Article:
Inside the yurt, all calm and peaceful before the wind

Before we arrived, we had each grocery shopped and ate most of our meals in the yurt with this view:

Inside the yurt with our food and wine!

Inside the yurt with our food and wine!

Of course, we had to do a tasting and partake of their wine. Just doing our job as guests at a winery. Probably it is even required of guests. Right?

As I said, no painting, but I took plenty of photos. Here is another one of my photo-mode postures. What I love most about this pic is that it makes me look about fourteen years old. Or at least, I thought so. HA. Had to post it.

Me, taking up-close shots of a wildflower

Me, taking up-close shots of a wildflower

We hiked the trails down into the basin every day. I don’t look 14 in the next photo, but oh well. The illusion is off now and you all know. I’m no longer fourteen. Yep. Truth.

View from the Columbia Basin hike

View from the Columbia Basin hike

Travel always inspires me. I enjoy traveling and go as often as I can. It energizes, revitalizes, and relaxes me back into a creative-painting mode. So while this is not my typical step-by-step painting blog post, it is important nonetheless in that it illustrates what inspires me most and gets me in my creative spot.

Cave B Winery Merlot sign

Cave B Winery Merlot sign

Maybe it’s not travel that inspires you. Maybe it is something else. But find that something that gives you a creative boost, or just a boost to revitalize you to life. We all need it.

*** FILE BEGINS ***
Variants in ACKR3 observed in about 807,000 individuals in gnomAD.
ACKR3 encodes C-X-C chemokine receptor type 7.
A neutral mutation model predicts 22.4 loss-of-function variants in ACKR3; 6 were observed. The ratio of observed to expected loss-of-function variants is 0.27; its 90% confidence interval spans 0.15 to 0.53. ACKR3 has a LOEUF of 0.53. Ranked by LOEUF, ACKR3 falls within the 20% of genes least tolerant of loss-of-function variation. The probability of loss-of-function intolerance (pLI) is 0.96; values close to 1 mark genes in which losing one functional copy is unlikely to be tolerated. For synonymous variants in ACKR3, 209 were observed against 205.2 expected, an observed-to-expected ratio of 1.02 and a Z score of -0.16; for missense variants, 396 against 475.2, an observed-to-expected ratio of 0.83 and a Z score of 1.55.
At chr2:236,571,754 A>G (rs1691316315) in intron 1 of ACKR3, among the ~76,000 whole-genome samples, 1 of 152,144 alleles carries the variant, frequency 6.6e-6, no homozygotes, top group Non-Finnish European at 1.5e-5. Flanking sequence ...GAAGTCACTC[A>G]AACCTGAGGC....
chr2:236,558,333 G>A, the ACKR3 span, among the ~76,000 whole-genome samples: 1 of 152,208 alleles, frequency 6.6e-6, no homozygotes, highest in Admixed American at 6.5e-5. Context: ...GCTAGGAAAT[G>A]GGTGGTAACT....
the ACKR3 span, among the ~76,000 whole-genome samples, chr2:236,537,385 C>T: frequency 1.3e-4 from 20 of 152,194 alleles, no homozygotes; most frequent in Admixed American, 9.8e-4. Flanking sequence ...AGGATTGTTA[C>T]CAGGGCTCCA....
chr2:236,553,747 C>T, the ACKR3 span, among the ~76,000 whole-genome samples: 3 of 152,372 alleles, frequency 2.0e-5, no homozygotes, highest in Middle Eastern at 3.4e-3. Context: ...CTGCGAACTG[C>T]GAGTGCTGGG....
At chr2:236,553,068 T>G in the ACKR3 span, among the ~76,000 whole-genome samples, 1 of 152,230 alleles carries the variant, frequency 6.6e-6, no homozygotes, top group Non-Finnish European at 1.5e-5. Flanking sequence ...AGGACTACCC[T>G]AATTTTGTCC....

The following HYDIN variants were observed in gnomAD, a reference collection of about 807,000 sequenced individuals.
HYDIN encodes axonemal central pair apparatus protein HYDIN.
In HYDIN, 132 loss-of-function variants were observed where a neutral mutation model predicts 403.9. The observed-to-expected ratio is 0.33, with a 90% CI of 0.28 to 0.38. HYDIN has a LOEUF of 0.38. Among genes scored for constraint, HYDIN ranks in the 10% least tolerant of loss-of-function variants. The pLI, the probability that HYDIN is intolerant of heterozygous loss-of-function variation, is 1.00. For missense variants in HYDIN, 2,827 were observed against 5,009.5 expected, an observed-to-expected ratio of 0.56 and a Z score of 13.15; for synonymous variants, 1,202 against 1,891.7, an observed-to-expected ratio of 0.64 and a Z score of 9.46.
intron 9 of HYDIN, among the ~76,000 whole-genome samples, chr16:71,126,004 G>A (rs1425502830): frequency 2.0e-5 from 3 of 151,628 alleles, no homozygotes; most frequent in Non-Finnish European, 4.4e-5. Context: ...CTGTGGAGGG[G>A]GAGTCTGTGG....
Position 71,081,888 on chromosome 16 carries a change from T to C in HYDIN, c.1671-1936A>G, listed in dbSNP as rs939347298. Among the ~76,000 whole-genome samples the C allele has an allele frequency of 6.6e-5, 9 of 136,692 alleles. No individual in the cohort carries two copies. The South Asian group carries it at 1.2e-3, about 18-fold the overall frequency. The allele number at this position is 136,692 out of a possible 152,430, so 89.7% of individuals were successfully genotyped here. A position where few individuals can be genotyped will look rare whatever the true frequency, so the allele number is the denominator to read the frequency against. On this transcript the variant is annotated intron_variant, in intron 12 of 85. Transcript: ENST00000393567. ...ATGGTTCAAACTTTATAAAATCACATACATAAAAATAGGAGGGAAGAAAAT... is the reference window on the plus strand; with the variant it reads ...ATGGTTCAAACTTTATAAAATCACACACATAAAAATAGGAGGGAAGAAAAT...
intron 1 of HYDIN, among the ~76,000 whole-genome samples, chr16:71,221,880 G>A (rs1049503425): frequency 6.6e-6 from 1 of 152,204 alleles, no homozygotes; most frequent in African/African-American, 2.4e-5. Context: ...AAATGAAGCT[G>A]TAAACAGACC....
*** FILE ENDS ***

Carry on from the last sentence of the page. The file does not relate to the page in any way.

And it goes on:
What is your boost? Let me know. I’ll be in the studio, studying photos from my trip, then happily painting away…

All images copyrighted by Sarah B Hansen.

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Keep creating to Feed the Beast! Support each other, people!:)

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I am honored to be invited as not only a guest blogger, but now a regular writer for Artist Scribbles, a blog about art, with guest artists and wonderful writings on Art History, Art Therapy, Art Diaries, and Art Shows. Thank you to Beck, art historian, author, and owner of this blog, for inviting me. My first post is here.

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A couple of weeks ago, my husband, son and I managed to get away for our annual anniversary vacation. We usually go camping, and typically at the coast. However, this time, we thought we’d try Mt. Adams in Washington, about 3 hours from Bend. Beautiful! Gorgeous! And WET…

August 2014 031

My son and I near the base of Mt. Adams. Yep, those are some scary clouds building in the background.

The day after we arrived at our campsite, we took a hike heading up to the base of Mt. Adams, near Adams Glacier. Though it was the middle of August, the wildflowers were blooming like crazy! Indian paintbrush, Lupine, Asters, and Penstemon in large fields of pink, red, and purple gave me fits of color-happiness throughout the hike.

It was quite a steep trail, but not terribly difficult. We only packed the essentials for a quick picnic at the top and a little travel painting for me.